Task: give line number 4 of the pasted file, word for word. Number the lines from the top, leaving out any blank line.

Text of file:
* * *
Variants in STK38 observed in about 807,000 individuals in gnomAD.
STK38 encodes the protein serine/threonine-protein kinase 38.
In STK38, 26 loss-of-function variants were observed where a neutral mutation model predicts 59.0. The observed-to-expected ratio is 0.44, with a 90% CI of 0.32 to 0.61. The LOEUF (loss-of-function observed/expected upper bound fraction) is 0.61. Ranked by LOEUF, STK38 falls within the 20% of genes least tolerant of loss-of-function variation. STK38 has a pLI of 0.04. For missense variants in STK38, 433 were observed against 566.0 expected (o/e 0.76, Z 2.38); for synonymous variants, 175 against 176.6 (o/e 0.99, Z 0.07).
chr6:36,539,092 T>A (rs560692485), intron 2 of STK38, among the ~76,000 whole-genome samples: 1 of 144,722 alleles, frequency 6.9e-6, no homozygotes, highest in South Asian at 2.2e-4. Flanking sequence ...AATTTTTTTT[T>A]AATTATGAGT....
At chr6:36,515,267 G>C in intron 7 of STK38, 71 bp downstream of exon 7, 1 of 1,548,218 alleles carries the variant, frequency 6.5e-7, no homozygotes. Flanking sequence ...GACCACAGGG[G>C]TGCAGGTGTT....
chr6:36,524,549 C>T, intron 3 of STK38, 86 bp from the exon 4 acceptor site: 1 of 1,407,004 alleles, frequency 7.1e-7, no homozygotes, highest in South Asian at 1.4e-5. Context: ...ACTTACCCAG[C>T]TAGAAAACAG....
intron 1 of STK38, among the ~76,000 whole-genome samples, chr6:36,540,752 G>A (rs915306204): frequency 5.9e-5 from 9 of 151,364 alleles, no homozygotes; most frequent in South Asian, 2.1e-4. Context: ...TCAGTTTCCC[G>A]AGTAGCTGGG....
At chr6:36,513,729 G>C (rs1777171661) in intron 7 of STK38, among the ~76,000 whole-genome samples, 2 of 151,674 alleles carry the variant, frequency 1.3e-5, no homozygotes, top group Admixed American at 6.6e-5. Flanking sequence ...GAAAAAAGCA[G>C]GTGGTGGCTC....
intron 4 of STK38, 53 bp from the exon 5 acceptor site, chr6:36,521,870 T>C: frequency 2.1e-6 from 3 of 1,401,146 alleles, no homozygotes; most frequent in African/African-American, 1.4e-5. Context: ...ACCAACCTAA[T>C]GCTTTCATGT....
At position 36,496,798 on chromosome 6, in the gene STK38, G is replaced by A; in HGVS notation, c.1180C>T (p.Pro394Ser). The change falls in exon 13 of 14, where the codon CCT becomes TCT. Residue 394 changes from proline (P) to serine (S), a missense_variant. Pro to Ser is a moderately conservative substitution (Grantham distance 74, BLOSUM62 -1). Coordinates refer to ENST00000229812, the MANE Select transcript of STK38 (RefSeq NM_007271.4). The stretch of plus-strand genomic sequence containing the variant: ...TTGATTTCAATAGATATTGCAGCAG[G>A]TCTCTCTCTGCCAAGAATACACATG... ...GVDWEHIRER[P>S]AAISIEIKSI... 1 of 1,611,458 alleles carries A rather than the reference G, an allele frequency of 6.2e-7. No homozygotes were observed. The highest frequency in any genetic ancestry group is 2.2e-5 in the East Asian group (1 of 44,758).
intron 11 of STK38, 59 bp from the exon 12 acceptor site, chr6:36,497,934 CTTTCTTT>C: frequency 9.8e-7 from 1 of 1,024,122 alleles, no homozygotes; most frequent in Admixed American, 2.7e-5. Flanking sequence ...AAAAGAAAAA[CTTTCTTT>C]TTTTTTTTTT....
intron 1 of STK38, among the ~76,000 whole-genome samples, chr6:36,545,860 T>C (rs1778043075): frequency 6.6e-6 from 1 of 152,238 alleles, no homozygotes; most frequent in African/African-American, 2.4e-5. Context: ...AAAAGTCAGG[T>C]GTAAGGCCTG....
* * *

chr6:36,539,092 T>A (rs560692485), intron 2 of STK38, among the ~76,000 whole-genome samples: 1 of 144,722 alleles, frequency 6.9e-6, no homozygotes, highest in South Asian at 2.2e-4. Flanking sequence ...AATTTTTTTT[T>A]AATTATGAGT....